Wait. Didn't we already take care of the streams?
“Cars are still going to be there, but they’re not going to get the priority they did in previous decades,” said N’kosi Yearwood, a Montgomery planner for the White Flint area. “Walking will become much more important.”

Ed McMahon, a senior fellow at the Urban Land Institute, said he’s counted 14 grocery stores in the Washington area with parking garages.

“You’ll see a lot more of that going forward,” McMahon said. “Will Americans adapt? Absolutely.”
We'll spare you the sad detail that when the Bethesda parking garage opened, Whole Foods staffers had to guide people through the garage to find a parking space, and presumably to reassure people that they weren't about to fall into a Sleestak-infested trap.

Also, those high-rise apartments and condos on the drawring board aren't just a way to make a quick buck foster density around Metro stations. They're also the residence of choice for the next generation of young adults, what with their shattered expectations of maintaining a middle-class standard of living fancy iPods and cube-shaped roadsters and whatnot.
Urban planners say apartments are the wave of the future for the D.C. suburbs, as interest in homeownership drops among young adults.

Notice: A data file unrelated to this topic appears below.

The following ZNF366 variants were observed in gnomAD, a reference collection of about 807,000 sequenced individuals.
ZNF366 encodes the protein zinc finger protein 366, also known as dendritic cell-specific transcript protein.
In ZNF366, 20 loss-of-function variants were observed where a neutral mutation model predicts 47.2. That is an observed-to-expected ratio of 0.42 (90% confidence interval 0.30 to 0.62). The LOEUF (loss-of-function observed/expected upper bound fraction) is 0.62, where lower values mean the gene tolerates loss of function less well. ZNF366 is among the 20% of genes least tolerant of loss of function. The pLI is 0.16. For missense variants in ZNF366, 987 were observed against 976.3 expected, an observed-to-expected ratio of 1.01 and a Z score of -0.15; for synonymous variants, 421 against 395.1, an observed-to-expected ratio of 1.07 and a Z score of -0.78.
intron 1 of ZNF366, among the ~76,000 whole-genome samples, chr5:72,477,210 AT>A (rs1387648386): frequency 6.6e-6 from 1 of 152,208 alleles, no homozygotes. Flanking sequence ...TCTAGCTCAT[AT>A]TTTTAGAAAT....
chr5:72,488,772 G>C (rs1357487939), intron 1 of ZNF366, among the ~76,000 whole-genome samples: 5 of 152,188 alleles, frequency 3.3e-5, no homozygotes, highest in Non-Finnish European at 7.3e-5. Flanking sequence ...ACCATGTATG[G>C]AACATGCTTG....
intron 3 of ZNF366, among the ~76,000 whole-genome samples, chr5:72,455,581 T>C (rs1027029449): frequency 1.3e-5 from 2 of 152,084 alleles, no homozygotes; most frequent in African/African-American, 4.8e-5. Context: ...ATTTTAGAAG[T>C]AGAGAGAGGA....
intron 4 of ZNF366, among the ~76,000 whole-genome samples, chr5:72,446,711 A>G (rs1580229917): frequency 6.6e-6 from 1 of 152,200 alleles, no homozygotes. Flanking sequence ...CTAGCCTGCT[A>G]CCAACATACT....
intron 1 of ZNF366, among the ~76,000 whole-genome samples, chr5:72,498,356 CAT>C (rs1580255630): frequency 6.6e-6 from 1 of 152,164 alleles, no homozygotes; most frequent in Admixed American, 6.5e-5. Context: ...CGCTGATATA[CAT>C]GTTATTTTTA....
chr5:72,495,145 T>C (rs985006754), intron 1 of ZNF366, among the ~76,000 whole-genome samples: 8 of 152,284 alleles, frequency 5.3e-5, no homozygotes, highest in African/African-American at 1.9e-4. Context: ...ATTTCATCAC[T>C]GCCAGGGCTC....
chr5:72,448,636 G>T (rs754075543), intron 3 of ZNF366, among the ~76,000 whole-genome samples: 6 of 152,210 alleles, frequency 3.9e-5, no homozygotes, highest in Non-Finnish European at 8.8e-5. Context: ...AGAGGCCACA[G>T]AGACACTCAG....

But the tide is likely changing as demand for more affordable apartments extends to D.C.'s suburbs over the last decade. And with today's younger work force predicted to change their careers up to seven times, experts say being tied down early can be a drag.

"Young people will hold many jobs over their career and they'll move from region to region," said Anirban Basu, chief executive officer of Sage Policy Group. "In that kind of labor market structure, it may make more sense to be a renter [for] longer."
Total hyperbole. Most will be moving back into our semi-finished basements.


  1. If your a planner hoping to way change the way people behave for the better, you can try to make the transition as smooth as possible by contemplating quality of life issues, or you can simply discard quality of life concerns, claim moral superiority, and chastise concerned citizens as lessor beings.

    Several examples:
    - If you want more people to take the metro, you can provide enough parking to actually get to the metro station. You can build up the road infrastructure near the metro station. Or, you can build a tiny garage, raise the toll road fees to outrageous levels, and add high rises without supporting road infrastructure.